The process of writing the book itself was a whirlwind. I went from idea to query letter in seven months, and I wrote the first draft in an almost entirely linear fashion, which is rare for me. I usually can't resist jumping forward to my favorite parts, but Zombie Slayer kept dragging me straight ahead with it.

I had a lot of fun writing Cassie. It was great being in her irreverent but optimistic head, and I spent many a slow hour at my then day job vicariously indulging my wanderlust by tracking her progress on Google maps.

The path to publication from finishing the book was a lot longer. There was lots of celebration, the agent contract, the publishing contract, and lots of waiting (I finished the book back in July 2012, nearly two years ago), and in the meantime, learning the ropes of promotion.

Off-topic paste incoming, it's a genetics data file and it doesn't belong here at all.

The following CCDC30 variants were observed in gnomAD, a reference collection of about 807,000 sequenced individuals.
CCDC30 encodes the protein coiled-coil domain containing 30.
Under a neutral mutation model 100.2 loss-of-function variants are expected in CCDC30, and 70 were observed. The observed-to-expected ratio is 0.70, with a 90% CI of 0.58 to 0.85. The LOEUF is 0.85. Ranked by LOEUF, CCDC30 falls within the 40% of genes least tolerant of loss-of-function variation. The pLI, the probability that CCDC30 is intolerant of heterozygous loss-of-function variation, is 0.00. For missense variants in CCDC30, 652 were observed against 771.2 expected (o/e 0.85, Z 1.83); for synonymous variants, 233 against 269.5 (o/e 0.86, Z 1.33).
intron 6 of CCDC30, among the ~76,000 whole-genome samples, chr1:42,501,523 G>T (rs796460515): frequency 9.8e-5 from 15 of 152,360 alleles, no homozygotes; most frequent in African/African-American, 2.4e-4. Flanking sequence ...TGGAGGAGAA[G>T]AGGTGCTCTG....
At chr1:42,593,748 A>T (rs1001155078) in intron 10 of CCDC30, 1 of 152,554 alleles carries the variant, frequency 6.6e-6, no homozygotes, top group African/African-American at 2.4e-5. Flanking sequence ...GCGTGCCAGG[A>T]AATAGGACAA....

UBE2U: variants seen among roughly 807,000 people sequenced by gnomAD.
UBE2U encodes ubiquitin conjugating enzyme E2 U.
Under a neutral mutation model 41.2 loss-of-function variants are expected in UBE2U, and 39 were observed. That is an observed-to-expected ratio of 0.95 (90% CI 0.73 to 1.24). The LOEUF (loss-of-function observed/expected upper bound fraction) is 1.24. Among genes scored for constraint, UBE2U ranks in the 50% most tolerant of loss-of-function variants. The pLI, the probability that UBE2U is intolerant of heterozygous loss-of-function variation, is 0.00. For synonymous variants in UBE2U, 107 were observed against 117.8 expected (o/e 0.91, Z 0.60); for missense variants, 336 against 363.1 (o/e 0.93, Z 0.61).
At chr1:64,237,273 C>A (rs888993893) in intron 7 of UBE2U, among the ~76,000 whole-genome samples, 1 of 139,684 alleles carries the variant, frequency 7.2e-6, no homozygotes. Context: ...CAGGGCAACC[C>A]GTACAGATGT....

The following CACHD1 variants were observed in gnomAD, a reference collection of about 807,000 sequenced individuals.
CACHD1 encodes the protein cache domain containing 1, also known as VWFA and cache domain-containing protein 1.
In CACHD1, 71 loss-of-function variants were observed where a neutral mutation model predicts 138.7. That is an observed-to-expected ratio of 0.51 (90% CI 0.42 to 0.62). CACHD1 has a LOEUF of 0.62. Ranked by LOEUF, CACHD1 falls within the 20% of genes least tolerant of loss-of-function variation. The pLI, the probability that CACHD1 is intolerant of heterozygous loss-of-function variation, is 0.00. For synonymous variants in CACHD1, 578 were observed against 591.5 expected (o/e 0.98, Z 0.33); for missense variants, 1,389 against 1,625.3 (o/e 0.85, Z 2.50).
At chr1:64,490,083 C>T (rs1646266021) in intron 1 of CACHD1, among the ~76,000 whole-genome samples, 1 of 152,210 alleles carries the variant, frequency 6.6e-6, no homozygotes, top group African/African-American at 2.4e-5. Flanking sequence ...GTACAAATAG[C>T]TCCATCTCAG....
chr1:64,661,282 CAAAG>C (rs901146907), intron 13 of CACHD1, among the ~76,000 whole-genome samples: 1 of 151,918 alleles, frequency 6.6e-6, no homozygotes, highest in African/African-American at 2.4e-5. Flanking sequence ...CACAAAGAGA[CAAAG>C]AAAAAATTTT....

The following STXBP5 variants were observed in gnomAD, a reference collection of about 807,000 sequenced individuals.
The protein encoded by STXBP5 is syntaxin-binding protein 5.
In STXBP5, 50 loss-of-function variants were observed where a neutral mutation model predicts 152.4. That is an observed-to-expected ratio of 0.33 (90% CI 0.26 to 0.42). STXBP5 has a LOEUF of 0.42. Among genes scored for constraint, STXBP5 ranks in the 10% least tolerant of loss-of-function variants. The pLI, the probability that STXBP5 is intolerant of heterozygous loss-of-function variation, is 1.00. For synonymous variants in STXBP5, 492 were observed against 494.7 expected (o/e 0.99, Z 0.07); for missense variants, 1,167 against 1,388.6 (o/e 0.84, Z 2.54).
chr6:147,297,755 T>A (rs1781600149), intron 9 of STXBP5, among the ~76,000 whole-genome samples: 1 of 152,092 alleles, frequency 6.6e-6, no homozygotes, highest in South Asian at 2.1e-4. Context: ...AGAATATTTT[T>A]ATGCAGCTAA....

Also like many authors who decide to go the traditional route with agents and traditional publishing houses, I had this fantasy for a long time that all that pesky marketing stuff would be taken care of for me once I had a legitimate contact, and I could carry on with writing my next book, perhaps occasionally sticking my head out to sign something.

This is where all the published authors reading this burst into laughter. I've had to come out of my shell a lot in the past couple years, get used to starting and encouraging conversation, doing interviews, writing about writing, and generally being an author in all the ways that aren't the book writing part I got into this for.

With a year and a half-ish of reality check and experience with the whole authorhood package under my belt, feeling curiously like a "real" author (and having already held short story anthologies I contributed to), I didn't expect a little thing like actually seeing the Confessions of the Very First Zombie Slayer (That I Know of) review copies in person to have too much of an effect on me anymore.